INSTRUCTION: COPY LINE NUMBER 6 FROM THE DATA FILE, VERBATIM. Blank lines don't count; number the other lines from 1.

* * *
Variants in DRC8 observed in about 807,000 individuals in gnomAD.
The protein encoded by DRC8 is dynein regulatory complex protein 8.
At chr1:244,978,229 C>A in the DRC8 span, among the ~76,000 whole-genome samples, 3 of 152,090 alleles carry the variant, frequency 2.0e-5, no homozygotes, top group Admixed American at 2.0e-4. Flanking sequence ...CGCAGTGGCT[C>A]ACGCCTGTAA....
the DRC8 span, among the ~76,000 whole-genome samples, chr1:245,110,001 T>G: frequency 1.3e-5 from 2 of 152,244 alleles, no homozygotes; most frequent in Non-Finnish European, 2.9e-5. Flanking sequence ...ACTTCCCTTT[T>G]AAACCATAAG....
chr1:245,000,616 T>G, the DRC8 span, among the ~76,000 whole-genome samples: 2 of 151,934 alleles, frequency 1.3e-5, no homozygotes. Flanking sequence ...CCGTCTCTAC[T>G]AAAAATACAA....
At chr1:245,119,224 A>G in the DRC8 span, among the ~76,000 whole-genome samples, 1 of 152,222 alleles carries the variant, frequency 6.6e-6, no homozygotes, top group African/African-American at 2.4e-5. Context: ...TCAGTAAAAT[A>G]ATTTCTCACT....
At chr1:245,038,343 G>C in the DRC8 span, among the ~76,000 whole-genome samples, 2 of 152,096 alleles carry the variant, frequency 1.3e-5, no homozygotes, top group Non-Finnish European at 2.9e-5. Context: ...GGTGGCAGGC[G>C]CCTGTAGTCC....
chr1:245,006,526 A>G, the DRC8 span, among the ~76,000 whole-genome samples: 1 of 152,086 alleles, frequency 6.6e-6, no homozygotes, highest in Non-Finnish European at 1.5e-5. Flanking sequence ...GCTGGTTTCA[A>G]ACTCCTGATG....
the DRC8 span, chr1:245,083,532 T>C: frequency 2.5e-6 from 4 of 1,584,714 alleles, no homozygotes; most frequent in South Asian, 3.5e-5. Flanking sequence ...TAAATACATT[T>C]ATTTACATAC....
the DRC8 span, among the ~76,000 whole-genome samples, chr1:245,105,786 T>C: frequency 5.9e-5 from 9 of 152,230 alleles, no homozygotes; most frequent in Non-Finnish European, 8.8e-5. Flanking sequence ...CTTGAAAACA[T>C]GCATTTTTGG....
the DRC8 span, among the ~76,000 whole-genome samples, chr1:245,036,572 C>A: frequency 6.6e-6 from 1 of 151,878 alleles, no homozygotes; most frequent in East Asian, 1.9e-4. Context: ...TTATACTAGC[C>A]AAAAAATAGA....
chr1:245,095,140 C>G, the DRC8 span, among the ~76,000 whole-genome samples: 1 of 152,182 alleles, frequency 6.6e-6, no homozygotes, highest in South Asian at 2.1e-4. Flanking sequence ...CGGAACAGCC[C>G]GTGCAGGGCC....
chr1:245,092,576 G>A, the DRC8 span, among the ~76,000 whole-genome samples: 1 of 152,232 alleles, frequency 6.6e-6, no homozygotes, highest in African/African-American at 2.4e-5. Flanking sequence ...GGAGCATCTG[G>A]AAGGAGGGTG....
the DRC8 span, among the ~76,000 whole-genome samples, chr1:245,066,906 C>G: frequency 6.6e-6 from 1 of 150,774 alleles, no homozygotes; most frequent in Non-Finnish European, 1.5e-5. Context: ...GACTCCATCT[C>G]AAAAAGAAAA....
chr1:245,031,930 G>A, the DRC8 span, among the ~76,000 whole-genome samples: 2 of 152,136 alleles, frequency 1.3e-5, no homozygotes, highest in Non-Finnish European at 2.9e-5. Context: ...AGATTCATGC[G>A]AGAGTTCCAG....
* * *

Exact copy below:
At chr1:245,119,224 A>G in the DRC8 span, among the ~76,000 whole-genome samples, 1 of 152,222 alleles carries the variant, frequency 6.6e-6, no homozygotes, top group African/African-American at 2.4e-5. Context: ...TCAGTAAAAT[A>G]ATTTCTCACT....